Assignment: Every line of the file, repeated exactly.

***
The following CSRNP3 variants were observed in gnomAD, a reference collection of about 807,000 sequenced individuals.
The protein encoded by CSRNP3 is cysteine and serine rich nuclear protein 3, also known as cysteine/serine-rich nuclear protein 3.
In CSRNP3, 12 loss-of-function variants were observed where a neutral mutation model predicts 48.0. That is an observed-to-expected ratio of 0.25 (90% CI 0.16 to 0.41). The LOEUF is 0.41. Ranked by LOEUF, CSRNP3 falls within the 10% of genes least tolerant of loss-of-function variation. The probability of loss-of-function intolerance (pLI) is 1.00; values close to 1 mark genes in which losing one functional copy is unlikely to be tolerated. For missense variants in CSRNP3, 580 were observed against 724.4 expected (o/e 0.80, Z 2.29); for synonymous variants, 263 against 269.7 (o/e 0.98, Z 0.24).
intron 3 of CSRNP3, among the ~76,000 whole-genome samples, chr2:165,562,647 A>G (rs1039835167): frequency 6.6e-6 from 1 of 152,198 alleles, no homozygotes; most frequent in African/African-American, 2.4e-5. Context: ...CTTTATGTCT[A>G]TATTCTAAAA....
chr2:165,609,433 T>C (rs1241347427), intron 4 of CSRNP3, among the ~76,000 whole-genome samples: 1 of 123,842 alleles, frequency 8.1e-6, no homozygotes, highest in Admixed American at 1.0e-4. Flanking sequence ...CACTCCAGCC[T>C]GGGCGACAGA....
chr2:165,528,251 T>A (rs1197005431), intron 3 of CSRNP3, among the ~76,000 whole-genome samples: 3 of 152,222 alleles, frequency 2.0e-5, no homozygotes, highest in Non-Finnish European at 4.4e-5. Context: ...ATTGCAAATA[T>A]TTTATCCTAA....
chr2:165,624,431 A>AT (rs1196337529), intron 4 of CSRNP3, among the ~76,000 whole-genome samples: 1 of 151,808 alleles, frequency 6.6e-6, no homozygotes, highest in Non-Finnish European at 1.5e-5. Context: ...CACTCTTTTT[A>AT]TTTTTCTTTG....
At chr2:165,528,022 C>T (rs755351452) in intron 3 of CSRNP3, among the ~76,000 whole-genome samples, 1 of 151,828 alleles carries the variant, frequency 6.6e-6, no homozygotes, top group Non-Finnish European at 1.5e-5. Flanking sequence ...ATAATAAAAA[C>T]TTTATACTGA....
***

The following CSRNP3 variants were observed in gnomAD, a reference collection of about 807,000 sequenced individuals.
The protein encoded by CSRNP3 is cysteine and serine rich nuclear protein 3, also known as cysteine/serine-rich nuclear protein 3.
In CSRNP3, 12 loss-of-function variants were observed where a neutral mutation model predicts 48.0. That is an observed-to-expected ratio of 0.25 (90% CI 0.16 to 0.41). The LOEUF is 0.41. Ranked by LOEUF, CSRNP3 falls within the 10% of genes least tolerant of loss-of-function variation. The probability of loss-of-function intolerance (pLI) is 1.00; values close to 1 mark genes in which losing one functional copy is unlikely to be tolerated. For missense variants in CSRNP3, 580 were observed against 724.4 expected (o/e 0.80, Z 2.29); for synonymous variants, 263 against 269.7 (o/e 0.98, Z 0.24).
intron 3 of CSRNP3, among the ~76,000 whole-genome samples, chr2:165,562,647 A>G (rs1039835167): frequency 6.6e-6 from 1 of 152,198 alleles, no homozygotes; most frequent in African/African-American, 2.4e-5. Context: ...CTTTATGTCT[A>G]TATTCTAAAA....
chr2:165,609,433 T>C (rs1241347427), intron 4 of CSRNP3, among the ~76,000 whole-genome samples: 1 of 123,842 alleles, frequency 8.1e-6, no homozygotes, highest in Admixed American at 1.0e-4. Flanking sequence ...CACTCCAGCC[T>C]GGGCGACAGA....
chr2:165,528,251 T>A (rs1197005431), intron 3 of CSRNP3, among the ~76,000 whole-genome samples: 3 of 152,222 alleles, frequency 2.0e-5, no homozygotes, highest in Non-Finnish European at 4.4e-5. Context: ...ATTGCAAATA[T>A]TTTATCCTAA....
chr2:165,624,431 A>AT (rs1196337529), intron 4 of CSRNP3, among the ~76,000 whole-genome samples: 1 of 151,808 alleles, frequency 6.6e-6, no homozygotes, highest in Non-Finnish European at 1.5e-5. Context: ...CACTCTTTTT[A>AT]TTTTTCTTTG....
At chr2:165,528,022 C>T (rs755351452) in intron 3 of CSRNP3, among the ~76,000 whole-genome samples, 1 of 151,828 alleles carries the variant, frequency 6.6e-6, no homozygotes, top group Non-Finnish European at 1.5e-5. Flanking sequence ...ATAATAAAAA[C>T]TTTATACTGA....